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Author Topic: probability-based fuzzy cellular automata?  (Read 1590 times)
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kram1032
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Posts: 1863


« on: March 12, 2011, 02:47:11 PM »

I played around with fuzzy logics and noticed, how they could be applied on cellular automata. Now I wonder wether fuzzy starting conditions would give boring results of uncertainity or if the usual patterns still show up.

To translate generic boolean logics into probabilty-based fuzzy ones, I *think*, you gotta take the boolean truth table and translate it as follows:

x is the probabilty of a boolean operation to return 1.
1-x is the probability of a boolean operation to not return 1, e.g. to return not 1 which happens to be 0.

so if you have the truth-table of and, for instance:

x y | and
0 0 | 0 => (1-x)(1-y)
0 1 | 0 => (1-x)y
1 0 | 0 =>  x(1-y)
1 1 | 1 => xy

the probabilty, that and returns 0 would be (1-x)(1-y)+(1-x)*y+x*(1-y)=1-xy
the more important probability, that and returns 1 simply is x*y

If you compare those results, you can immediately see, that the results are negations of each other.

the list of all possible two-variable operations of probabilities of boolean variables are:

0(x,y) = 0
NOr(x,y) = (1-x)(1-y)
NotYImpliesX(x,y) = (1-x)y
NotX(x,y) = 1-x
NotXImpliesY(x,y) = x(1-y)
NotY(x,y) = 1-y
XOr(x,y) = x+y-2xy
NAnd(x,y) = 1-xy
And(x,y) = xy
Equivalent(x,y) = 1-x-y+2xy
Y(x,y) = y
XImpliesY(x,y) = 1-y+xy
X(x,y) = x
YImpliesX(x,y) = 1-x+xy
Or(x,y) = x+y-xy
1(x,y) = 1

Obviously, some of those are trivial but this contains all possible 2 variable booleans.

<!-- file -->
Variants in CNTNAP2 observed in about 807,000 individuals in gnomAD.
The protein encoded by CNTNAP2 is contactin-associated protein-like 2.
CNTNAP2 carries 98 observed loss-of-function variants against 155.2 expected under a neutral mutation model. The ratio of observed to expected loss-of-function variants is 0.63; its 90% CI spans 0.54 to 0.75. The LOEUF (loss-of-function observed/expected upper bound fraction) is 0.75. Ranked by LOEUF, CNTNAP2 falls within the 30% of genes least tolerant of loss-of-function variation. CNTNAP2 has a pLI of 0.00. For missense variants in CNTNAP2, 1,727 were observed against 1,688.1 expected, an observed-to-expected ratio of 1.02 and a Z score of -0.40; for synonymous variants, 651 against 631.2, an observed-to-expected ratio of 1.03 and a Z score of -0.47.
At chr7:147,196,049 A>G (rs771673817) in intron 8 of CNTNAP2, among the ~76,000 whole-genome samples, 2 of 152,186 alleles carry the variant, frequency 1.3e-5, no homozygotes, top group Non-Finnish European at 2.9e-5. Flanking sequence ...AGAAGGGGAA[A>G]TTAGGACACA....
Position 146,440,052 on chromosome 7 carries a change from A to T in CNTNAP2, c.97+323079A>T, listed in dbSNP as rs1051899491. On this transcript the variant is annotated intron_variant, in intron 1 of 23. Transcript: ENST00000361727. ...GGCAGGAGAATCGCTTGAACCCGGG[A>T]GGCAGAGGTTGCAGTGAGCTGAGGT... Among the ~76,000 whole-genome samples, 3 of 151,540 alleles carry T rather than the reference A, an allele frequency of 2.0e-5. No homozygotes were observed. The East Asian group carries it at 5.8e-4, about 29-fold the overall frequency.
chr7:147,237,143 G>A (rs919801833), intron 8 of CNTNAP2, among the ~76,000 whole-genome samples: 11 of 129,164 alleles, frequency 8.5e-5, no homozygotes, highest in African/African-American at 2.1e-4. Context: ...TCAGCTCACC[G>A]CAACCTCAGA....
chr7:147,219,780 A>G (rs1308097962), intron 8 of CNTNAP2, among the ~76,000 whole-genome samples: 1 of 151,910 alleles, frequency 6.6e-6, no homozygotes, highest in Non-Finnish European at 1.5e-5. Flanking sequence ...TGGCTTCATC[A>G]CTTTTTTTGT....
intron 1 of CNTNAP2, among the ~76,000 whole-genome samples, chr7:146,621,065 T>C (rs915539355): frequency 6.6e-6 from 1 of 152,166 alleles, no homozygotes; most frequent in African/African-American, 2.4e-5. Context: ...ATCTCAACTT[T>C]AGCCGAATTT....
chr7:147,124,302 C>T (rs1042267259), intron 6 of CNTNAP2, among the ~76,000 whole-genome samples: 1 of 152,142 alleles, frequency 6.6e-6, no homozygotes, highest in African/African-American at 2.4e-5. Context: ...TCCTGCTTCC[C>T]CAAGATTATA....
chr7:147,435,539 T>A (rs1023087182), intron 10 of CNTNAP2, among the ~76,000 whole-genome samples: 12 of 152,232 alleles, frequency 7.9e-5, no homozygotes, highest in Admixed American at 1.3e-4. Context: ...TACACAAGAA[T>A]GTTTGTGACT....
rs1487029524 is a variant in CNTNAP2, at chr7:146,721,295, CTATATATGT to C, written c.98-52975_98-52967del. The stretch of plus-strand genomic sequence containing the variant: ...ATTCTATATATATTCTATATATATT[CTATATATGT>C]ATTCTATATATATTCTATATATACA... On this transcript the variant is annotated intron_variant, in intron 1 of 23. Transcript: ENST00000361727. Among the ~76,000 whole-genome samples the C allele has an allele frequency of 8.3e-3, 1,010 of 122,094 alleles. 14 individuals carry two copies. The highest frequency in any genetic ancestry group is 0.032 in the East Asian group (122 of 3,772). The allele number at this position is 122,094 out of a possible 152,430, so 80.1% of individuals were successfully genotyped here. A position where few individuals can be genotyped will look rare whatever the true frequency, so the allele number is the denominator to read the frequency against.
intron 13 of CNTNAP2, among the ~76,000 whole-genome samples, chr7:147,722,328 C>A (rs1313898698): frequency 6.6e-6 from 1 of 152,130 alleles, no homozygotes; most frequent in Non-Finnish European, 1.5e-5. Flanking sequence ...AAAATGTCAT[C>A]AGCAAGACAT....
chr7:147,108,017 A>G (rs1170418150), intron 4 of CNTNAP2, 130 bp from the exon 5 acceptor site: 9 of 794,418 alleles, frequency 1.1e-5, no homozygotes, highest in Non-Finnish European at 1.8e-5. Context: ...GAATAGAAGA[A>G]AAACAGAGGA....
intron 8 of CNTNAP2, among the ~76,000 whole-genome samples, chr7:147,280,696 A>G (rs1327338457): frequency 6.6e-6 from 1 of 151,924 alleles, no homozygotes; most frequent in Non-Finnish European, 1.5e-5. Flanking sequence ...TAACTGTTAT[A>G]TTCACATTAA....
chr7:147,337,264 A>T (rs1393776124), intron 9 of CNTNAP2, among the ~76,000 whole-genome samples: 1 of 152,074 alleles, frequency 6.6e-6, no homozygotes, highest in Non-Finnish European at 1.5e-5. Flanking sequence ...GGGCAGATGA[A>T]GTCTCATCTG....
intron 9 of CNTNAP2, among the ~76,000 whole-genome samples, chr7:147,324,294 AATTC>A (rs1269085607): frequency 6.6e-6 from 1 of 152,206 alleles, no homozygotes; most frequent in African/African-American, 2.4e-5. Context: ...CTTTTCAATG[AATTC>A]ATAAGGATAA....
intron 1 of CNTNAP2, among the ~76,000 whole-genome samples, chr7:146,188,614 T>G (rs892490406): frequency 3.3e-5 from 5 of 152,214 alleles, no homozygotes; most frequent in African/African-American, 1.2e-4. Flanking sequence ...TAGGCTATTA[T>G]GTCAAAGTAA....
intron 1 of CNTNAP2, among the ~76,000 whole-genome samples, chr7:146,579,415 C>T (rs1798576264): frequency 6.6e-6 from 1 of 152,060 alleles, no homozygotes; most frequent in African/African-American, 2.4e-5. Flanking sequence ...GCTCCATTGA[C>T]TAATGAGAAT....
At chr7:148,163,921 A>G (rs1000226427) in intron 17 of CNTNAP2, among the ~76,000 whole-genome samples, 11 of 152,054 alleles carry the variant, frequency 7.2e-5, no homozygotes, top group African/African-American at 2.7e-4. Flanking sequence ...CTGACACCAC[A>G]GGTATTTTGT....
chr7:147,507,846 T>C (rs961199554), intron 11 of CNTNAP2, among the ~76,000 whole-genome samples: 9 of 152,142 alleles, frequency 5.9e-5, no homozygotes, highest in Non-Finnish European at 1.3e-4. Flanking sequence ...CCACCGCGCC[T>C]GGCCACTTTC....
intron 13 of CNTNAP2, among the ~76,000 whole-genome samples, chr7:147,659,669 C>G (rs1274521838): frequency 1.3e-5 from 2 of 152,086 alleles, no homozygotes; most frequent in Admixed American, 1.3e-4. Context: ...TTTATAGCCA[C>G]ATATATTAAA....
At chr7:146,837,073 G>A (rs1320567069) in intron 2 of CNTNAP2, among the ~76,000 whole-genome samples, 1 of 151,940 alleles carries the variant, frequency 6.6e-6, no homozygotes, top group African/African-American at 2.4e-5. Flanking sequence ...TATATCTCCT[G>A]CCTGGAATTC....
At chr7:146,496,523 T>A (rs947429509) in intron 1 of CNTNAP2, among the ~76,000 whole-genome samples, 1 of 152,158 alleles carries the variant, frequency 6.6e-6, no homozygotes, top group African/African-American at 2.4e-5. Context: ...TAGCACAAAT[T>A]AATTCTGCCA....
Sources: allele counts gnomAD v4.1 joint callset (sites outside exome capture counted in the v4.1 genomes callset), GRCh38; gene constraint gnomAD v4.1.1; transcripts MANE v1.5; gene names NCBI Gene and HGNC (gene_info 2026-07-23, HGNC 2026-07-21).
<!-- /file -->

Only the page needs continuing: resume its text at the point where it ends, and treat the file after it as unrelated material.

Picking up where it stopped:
Here is a full plot-list for x,y from 0 to 1, which obviously is the important field of solutions, as probabilities beyond 0 or 1 aren't quite a definied case...
http://www.wolframalpha.com/input/?i=plot+0%2C+%281-x%29%281-y%29%2C+%281-x%29*y%2C+1-x%2C+x*%281-y%29%2C+1-y%2C+x%2By-2*x*y%2C1-x*y%2Cx*y%2C1-x-y%2B2*x*y%2Cy%2C1-y%2Bx*y%2Cx%2C1-x%2Bx*y%2Cx%2By-x*y%2C1%2Cx%3D0...1%2Cy%3D0...1
Now the list of 3-variable Booleans contains 256 possible operations, most of which are unnamed and many of which are trivial copies of the 1- and 2-variable case.
However, it shouldn't be too hard to translate a three-to-one-CA into a probability-based approach...

00011110, rule 30, would be

x y z | 30
0 0 0 | 0
0 0 1 | 1 => (1-x)(1-y)z
0 1 0 | 1 => (1-x)y(1-z)
0 1 1 | 1 => (1-x)yz
1 0 0 | 1 => x(1-y)(1-z)
1 0 1 | 0
1 1 0 | 0
1 1 1 | 0
_____ _______________ (Summing it up)
2xyz-2xy-2xz+x-yz+y+z
=
(2x-1)(y-1)z-2xy+x+y, (simplifying)
which returns 0 or 1 correctly for "pure probabilities", e.g. 0/1 Input and else gives the probability of returning 1 as above.
Now I wonder, wether this ends in an uninteresting behaviour or gives a continuous version of the nice odd pattern rule 30 usually results in.
« Last Edit: February 12, 2012, 06:17:00 PM by kram1032 » Logged
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